Alzheimer’s disease is thought to account for between 60 and 80 percent of all dementia cases. A terrible disease, it slowly causes those who develop it to not only lose their memory, but to alter their behavior too. What exactly causes Alzheimers is still not entirely known, but that has not stopped researchers from trying to find a way to prevent it.
One group of scientists at Flinders University, Australia, think that they may be on the way to developing a vaccine that could potentially prevent the disease from occurring in the first place. It is hoped that the vaccine might go to human trial within the next few years, and is viewed with such optimism, the researchers have just received funding from the US government.
The researchers claim that the vaccine works by targeting two proteins – beta-amyloid and tau – which are believed to contribute to the development of Alzheimer’s. One hypothesis as to why the disease forms is through the build up of these proteins in the brain, which then disrupt proper functioning. The team say that they can stimulate the body’s own immune system to create antibodies that specifically target the beta-amyloid proteins and clear them from the brain before they start to build up.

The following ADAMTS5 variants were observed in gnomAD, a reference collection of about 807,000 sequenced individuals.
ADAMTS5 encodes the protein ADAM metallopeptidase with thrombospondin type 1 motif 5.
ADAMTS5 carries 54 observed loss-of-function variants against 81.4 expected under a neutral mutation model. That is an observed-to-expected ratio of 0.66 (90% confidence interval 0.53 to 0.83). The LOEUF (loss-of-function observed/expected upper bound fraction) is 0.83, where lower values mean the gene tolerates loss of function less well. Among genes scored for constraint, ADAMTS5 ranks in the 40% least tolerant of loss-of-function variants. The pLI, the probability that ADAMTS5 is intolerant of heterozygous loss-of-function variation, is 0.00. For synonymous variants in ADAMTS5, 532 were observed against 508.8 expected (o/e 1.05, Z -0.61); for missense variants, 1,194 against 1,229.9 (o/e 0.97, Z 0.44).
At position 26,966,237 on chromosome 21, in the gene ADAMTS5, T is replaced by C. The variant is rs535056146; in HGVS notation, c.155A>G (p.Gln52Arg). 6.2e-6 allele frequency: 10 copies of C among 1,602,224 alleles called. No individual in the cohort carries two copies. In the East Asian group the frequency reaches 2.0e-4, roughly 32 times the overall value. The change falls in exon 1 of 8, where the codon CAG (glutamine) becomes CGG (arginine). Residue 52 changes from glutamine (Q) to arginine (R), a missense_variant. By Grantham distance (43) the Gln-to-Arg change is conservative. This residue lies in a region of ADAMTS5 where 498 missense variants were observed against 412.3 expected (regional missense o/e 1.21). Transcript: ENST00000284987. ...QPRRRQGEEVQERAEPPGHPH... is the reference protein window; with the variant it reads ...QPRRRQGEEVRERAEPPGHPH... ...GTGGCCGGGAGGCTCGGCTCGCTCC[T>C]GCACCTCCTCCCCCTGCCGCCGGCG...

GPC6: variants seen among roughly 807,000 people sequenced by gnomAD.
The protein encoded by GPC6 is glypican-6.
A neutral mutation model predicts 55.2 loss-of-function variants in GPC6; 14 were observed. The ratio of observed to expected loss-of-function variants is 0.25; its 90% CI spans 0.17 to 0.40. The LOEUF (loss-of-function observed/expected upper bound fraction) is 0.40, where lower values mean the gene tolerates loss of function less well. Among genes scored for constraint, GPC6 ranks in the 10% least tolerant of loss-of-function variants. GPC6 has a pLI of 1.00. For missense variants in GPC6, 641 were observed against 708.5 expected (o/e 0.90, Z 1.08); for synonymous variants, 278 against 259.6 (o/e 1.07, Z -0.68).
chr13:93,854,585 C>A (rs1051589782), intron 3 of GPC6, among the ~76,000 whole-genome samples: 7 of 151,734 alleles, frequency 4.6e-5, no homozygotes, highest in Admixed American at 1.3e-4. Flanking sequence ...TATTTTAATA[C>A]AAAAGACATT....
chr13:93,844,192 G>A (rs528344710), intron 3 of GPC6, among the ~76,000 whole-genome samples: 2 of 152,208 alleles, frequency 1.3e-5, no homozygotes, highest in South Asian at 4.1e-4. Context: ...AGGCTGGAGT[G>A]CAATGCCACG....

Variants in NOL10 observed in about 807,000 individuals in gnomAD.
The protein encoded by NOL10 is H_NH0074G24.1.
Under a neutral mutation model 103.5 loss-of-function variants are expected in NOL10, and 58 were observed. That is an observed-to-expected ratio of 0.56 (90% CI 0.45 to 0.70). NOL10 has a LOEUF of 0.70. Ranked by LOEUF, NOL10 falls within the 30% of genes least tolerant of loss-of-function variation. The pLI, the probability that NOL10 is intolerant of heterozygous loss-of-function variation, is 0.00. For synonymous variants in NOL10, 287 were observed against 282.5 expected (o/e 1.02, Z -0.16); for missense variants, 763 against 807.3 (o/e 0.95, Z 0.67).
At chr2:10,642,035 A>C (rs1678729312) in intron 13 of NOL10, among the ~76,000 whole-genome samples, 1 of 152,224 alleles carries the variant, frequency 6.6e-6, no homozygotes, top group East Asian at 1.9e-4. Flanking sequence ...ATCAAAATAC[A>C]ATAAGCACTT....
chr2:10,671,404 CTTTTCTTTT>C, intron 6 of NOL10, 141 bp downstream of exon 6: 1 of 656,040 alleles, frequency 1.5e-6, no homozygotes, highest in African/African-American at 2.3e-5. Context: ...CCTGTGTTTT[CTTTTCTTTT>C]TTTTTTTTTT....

“So by developing a vaccine against [beta-amyloid] it seems to work in the animals best if you give it before they get Alzheimer's or dementia and it doesn't work so well once they have developed the disease,” Flinders University’s Professor Nikolai Petrovsky told ABC Australia. “Interestingly the second protein [tau], which has been found more recently, which we are targeting … it turns out if you target tau with the vaccine you can actually reverse the disease even once it has developed.” The overall aim is to have a vaccine that works by targeting both of these proteins separately.
While this sounds too good to be true, it is not the first attempt trying to produce a preventative vaccine to tackle Alzheimer’s. Another recent study has been looking into why beta-amyloid proteins build up in the brain in the first place, and have come to the interesting conclusion that they may actually be a part of the body’s immune system and act in a way to trap invading pathogens. A group from Harvard Medical School are now working to see if they can identify what triggers the build up, and see if they can produce a vaccine against that instead.